0. BRYANT's Homer's Iliad. Bk. IX. LOWELL-She Came and Went.
St. 3. ANGER.
Beware the fury of a patient man.
What, drunk with choler ? a. DBYDEN-- Absalom and Achitophel. p. Henry IV. Pt. I. Act I. Sc. 3. Pt. I. Line 1005.
Senseless, and deformed, A man deep-wounded may feel too much pain | Convulsive anger storms at large; or, pale To feel much anger.
And silent settles into fell revenge. b. GEORGE ELIOT— Spanish Gypsy. . 9. THOMSON—The Seasons. Spring. Bk. I.
Anger seeks its prey,Something to tear with sharp-edged tooth
and claw, Likes not to go off hungry, leaving Love To feast on milk and honeycomb at will. c. GEORGE ELIOT-Spanish Gypsy.
Bk. I. Anger is one of the sinews of the soul. d. FULLER-- The Holy and Profane States.
Anger. Anger wishes that all mankind had only one neck ; love, that it had only one heart ; grief, two tear-glands ; pride, two bent knees. €. RICHTER. Flower, Fruit and Thorn
Pieces. Ch. IV.
Of recreation there is none
My hand alone my work can do ;
So, I can fish and study too. r. WILLIAM BASSE- The Angler's Song.
The first men that our Saviour dear
I theretore strive to follow those,
WILLIAM BASSE- The Angler's Song.
The pleas'nt angling is to see the fish
In rage deaf as the sea, hasty as fire.
I. Richard II. Act I. Sc. 1.
m. Coriolanus. Act III. Sc. 3.
Touch me with noble anger! And le: not women's weapon, water drops Stain my man's cheeks.
0. King Lear. Act II. Sc. 4
I shall stay him no longer than to wish
Th' unwieldy elephant, * • * that if he be an honest angler, To make them mirth, us'd all his might, and the east wind may never blow when he goes
wreathed a fishing.
His lithe proboscis. a. WALTON— The Complete Angler.
n. MILTON—Paradise Lost. Bk. IV. The Author's Preface.
Line 345. Thus use your frog: put your hook, I mean
Who knows not Circe, the arming wire, through his mouth, and out The daughter of the Sun? whose charmed at his gills, and then with a fine needle and
cup silk sew the upper part of his leg with only Whoever tasted, lost his upright shape, one stitch to the arming wire of your hook, And downward fell into a groveling swine. or tie the frog's leg above the upper joint to 0. MILTON— Comus. Line 50. the armed wire ; and in so doing use him as though you loved him.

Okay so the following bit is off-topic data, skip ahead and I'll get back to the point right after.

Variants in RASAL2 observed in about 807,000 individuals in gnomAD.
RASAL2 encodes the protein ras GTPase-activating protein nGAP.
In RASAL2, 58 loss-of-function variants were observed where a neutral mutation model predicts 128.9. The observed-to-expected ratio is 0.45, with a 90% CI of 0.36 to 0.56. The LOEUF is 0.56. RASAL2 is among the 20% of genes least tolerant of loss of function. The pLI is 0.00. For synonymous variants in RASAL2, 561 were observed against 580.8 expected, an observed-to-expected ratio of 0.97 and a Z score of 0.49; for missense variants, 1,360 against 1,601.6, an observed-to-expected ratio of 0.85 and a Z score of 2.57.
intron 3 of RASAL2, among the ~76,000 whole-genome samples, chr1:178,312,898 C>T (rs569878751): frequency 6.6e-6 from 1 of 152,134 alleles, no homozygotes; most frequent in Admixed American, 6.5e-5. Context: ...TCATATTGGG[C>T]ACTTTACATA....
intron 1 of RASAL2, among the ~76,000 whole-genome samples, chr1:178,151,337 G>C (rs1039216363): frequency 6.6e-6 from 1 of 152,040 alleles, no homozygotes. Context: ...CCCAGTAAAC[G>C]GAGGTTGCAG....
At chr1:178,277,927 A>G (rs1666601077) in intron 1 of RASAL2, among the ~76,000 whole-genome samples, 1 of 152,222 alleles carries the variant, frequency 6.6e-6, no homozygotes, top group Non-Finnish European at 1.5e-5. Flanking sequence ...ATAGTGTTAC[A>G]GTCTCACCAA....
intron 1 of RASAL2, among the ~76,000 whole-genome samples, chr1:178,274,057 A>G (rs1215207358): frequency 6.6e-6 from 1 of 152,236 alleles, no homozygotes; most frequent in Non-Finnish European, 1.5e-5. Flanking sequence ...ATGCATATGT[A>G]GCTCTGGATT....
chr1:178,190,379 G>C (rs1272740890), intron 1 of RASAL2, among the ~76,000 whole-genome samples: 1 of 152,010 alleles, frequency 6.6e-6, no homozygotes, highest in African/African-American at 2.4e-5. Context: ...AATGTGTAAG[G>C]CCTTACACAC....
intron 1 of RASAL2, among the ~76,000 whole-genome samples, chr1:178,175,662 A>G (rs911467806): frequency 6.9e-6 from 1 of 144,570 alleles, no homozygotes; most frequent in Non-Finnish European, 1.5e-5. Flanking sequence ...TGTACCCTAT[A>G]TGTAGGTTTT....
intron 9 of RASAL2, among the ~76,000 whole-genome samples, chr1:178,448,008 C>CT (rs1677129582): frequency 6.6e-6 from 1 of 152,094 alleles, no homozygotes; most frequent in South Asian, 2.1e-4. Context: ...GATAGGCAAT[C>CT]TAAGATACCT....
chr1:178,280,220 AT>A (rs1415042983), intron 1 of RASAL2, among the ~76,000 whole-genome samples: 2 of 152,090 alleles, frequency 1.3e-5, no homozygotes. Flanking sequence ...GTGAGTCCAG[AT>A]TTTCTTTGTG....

The mountain sheep were sweeter, b. WALTON—The Complete Angler. Pt. I. But the valley sheep were fatter. Ch. V. p. Thos. L. PEACOCK— The Misfortunes of
Ephur. (P. 141.) We may say of angling as Dr. Boteler said of strawberries : “Doubtless God could have
But thinks, admitted to that equal sky, made a better berry, but doubtless God never His faithful dog shall bear him company. did ;" and so, if I might be judge, God never q. POPE- Essay on Man. Ep. I. did make a more calm, quiet, innocent re.
Line 111. creation than angling. c. WALTON~ The Complete Angler. Pt. I. | How Instinct varies in the grov'ling swine. Chy. r. POPE- Essay on Man. Ep. I.
Line 221. ANIMALS.
I am his Highness' dog at Kew; The jackal's troop, in gather'd cry,
Pray tell me, sir, whose dog are you? Bay'd from afar complainingly,
s. Pope-On the Collar of a Dog. With a mix'd and mournful sound,
The hog that ploughs not, nor obeys thy call, Like crying babe, and beaten hound.
Lives on the labours of this lord of all. d. BYRON---Siege of Corinth. Pt. XXXIII.
t. POPE-Essay on Man. Ep. III. His faithful dog salutes the smiling guest.
Line 41. e. CAMPBELL-Pleasures of Hope. Pt. I.
Line 86. The fur that warms a monarch, warm'd a
bear. I hold a mouse's hert not worth a leek,
POPE- Essay on Man. Ep. III. That hatn but oon hole to sterte to.
Line 44 f. CHAUCER-Prologue of the Wyfe of
Bathe, v. 572. The mouse that always trusts to one poor If 'twere not for my cat and dog,